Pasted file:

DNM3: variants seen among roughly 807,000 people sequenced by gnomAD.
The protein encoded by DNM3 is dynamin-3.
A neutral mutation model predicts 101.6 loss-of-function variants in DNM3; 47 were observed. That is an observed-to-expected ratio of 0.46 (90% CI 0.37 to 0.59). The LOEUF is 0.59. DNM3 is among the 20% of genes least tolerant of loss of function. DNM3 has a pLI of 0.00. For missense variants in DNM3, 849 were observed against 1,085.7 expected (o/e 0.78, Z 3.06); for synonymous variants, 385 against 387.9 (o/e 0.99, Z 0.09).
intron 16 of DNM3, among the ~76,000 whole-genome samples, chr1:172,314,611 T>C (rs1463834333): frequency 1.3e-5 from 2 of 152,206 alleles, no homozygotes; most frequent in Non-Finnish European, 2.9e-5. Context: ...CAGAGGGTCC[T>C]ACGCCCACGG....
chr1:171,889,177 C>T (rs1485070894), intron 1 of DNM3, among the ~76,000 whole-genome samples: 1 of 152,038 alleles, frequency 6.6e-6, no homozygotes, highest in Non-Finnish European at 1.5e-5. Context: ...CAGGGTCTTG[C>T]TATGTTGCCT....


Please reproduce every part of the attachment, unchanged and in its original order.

DNM3: variants seen among roughly 807,000 people sequenced by gnomAD.
The protein encoded by DNM3 is dynamin-3.
A neutral mutation model predicts 101.6 loss-of-function variants in DNM3; 47 were observed. That is an observed-to-expected ratio of 0.46 (90% CI 0.37 to 0.59). The LOEUF is 0.59. DNM3 is among the 20% of genes least tolerant of loss of function. DNM3 has a pLI of 0.00. For missense variants in DNM3, 849 were observed against 1,085.7 expected (o/e 0.78, Z 3.06); for synonymous variants, 385 against 387.9 (o/e 0.99, Z 0.09).
intron 16 of DNM3, among the ~76,000 whole-genome samples, chr1:172,314,611 T>C (rs1463834333): frequency 1.3e-5 from 2 of 152,206 alleles, no homozygotes; most frequent in Non-Finnish European, 2.9e-5. Context: ...CAGAGGGTCC[T>C]ACGCCCACGG....
chr1:171,889,177 C>T (rs1485070894), intron 1 of DNM3, among the ~76,000 whole-genome samples: 1 of 152,038 alleles, frequency 6.6e-6, no homozygotes, highest in Non-Finnish European at 1.5e-5. Context: ...CAGGGTCTTG[C>T]TATGTTGCCT....